Billboard|April 30, 2016
He has sold more than 10 million records, survived a high-profile marriage to J.Lo and is now — from a lavish new home base in Miami — building a management company of musicians and athletes to rival Jay Z’s Roc Nation. As he “steps up” against Trump, the GOP and music-business-as-usual, the odds are in his favor. “There are 610 million Latinos on the planet. If it works, we’ll be miles ahead of a lot of people."
MARC ANTHONY HAS SEEN the future, and it’s sitting next to him on a couch. It is three in the afternoon in Miami, on the kind of gorgeous, blustery spring day when the South Florida scenery — sky, sea, swaying palm fronds, pastel-painted buildings — seems to have been arranged by a meticulous set designer. Anthony is holding court in a small office on the second floor of the spiffy new headquarters of Magnus Media, the entertainment company he launched in March 2015.
The room is packed. There’s Anthony; his business partner, Magnus Media CEO Michel Vega; Anthony’s brother, Bigram Zayas, a longtime music industry insider and the co-founder of Loop Labs, an online tool for music collaboration; Anthony’s nephew, a producer and DJ who makes music under the name Develop. And then there’s the young man seated to Anthony’s left, Matt Hunter, a handsome, polite 18-year-old bilingual singer-songwriter of Colombian extraction, raised in New Jersey. Hunter has pursued the kind of guerrilla-style career plan modeled by Justin Bieber, posting videos on YouTube, building a sizable grass-roots following while attracting the attention of record executives. Today, Hunter is in Miami to discuss signing with Magnus Records and to be feted by Anthony, the improbably slight and youthful-looking 47-year-old Nuyorican legend who is among the biggest global superstars — and most powerful people — in Latin music.
“I’m just a massive Matt Hunter fan,” says Anthony. “He’s a YouTube sensation, and he has done it all on his own, since he was 13 years old. When he goes to Chile, there are 5,000 fans at the airport. There are huge crowds outside his hotel in Argentina. He can pick up the guitar and play his ass off. He’s a writer. Imagine an urban sound, in Spanish, played by this young, beautiful kid who’s so talented and just lives music. I mean, the girls go bonkers.”
In the meeting room, they cue up one of Hunter’s new songs, “Amor Real,” a blipping ballad whose plaintive vocals and vaguely tropical bounce bear the influence of — surprise, surprise — Bieber’s recent music. But Hunter’s singing is appealingly sly, and the beat, by Develop, is funky and odd, making clever use of space and silences and taking some surprising harmonic left-hand turns. In short, “Amor Real” sounds like a hit, and Anthony, head nodding and screw-facing intensely, likes what he hears.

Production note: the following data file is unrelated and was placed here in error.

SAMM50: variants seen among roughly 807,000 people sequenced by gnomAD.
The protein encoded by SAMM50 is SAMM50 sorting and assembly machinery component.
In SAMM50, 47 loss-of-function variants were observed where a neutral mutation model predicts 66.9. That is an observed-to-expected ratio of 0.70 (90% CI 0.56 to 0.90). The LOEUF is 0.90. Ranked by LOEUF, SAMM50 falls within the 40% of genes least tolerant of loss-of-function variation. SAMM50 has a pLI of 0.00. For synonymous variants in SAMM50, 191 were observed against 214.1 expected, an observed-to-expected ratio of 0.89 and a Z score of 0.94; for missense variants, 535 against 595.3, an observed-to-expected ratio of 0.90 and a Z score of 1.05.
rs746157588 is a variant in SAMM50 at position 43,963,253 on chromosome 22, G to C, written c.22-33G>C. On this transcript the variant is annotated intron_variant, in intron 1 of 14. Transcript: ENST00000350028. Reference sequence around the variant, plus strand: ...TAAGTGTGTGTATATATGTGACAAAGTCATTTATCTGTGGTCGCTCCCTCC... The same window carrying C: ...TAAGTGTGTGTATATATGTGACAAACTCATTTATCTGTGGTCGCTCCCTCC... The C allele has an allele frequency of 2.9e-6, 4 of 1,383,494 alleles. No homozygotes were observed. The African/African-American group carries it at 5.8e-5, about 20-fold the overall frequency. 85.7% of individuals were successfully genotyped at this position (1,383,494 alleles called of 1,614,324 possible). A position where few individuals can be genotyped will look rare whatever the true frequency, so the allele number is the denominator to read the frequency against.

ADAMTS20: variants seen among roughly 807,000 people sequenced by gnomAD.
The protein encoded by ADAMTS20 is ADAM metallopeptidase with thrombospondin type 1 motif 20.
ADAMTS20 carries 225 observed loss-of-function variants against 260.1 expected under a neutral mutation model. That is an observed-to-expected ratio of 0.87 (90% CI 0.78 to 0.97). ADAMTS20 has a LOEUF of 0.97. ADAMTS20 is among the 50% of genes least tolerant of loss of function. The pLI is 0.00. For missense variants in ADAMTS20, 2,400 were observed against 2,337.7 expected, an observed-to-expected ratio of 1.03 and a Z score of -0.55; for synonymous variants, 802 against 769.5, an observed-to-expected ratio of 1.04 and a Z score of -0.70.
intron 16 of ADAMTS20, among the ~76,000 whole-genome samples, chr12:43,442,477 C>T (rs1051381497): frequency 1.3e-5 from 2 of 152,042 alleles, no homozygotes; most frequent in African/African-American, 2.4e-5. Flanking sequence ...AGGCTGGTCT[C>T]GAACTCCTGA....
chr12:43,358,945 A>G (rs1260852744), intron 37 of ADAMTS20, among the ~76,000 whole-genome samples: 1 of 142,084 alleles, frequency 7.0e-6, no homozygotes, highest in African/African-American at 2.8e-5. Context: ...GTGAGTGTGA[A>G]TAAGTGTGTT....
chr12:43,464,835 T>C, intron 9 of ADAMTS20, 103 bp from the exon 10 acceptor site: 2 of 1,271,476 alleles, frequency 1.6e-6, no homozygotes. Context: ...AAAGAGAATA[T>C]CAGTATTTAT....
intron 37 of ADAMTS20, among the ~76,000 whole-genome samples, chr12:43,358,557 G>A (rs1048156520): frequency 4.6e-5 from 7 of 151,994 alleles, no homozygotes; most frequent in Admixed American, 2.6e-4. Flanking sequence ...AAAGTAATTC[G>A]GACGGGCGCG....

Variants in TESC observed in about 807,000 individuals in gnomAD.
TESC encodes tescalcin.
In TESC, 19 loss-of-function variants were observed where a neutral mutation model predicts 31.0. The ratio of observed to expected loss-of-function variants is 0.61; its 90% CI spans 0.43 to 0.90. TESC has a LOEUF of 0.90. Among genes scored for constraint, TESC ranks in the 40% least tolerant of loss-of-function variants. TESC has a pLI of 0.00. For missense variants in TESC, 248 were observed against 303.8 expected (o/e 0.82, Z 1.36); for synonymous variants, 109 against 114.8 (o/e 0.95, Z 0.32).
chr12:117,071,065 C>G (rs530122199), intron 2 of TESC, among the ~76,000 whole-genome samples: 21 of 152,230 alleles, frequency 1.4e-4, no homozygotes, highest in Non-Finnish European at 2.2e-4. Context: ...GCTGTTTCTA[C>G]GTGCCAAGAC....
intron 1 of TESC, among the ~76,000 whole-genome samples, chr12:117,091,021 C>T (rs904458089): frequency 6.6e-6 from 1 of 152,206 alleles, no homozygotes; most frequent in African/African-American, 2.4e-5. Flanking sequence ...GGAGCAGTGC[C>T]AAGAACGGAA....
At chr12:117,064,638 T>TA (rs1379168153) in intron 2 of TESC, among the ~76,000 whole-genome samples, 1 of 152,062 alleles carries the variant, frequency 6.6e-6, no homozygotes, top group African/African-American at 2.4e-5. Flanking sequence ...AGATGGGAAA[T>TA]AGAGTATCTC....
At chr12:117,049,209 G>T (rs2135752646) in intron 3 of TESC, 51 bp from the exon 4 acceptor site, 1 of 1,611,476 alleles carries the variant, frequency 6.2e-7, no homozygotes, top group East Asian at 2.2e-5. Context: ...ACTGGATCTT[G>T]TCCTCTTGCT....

“I believe that this is the sound,” he exults. He turns to face Hunter. “I believe that you will develop this — and you’ll have your own f—ing lane, man. There’s a massive, massive void. Especially in the demographic you reach with your music. A lot of really smart people are looking for creative ways to enter that space.” He pauses for emphasis. “This is the future right here.”
A skeptic might accuse Anthony of exaggerating, of coming on too strong. Then again: What do you expect? Understatement has never been Marc Anthony’s style. In a career that stretches nearly three decades, Anthony has been one of popular music’s most unembarrassed devotees of the huge gesture, delivering songs full of romantic sentiments and grand crescendos, in a singing voice that is simply one of the most powerful on earth. It’s a job, you might say, that he was born to do. Anthony’s parents named him Marco Antonio Muñiz, after one of Mexico’s schmaltziest ballad singers. As a child growing up in Spanish Harlem, he sang Spanish-language ballads at his parents’ house parties; listeners were floored by the intensity, the sheer volume and force, of the sound that emanated from the small boy’s body.
The story of Anthony’s showbiz rise is the stuff of lore. He graduated from 1980s New York clubland habitue to pioneering house and freestyle vocalist to revivalist and revitalizer of salsa, a breakthrough that came with his blockbuster 1995 album, Todo a Su Tiempo, featuring eight No. 1 hits on Billboard’s Tropical Songs chart. The rest is history: armfuls of Grammys, worldwide album sales upwards of 12 million, a global audience of hundreds of millions, marquee-topping movie roles, a ubiquitous tabloid presence and, among Latinos, the kind of exalted status that transcends mere megastardom. Today, Anthony has reached an apex: He’s not just historic, he’s folkloric, recognized around the world as both a great entertainer and a standard-bearer for Latino culture.
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April 30, 2016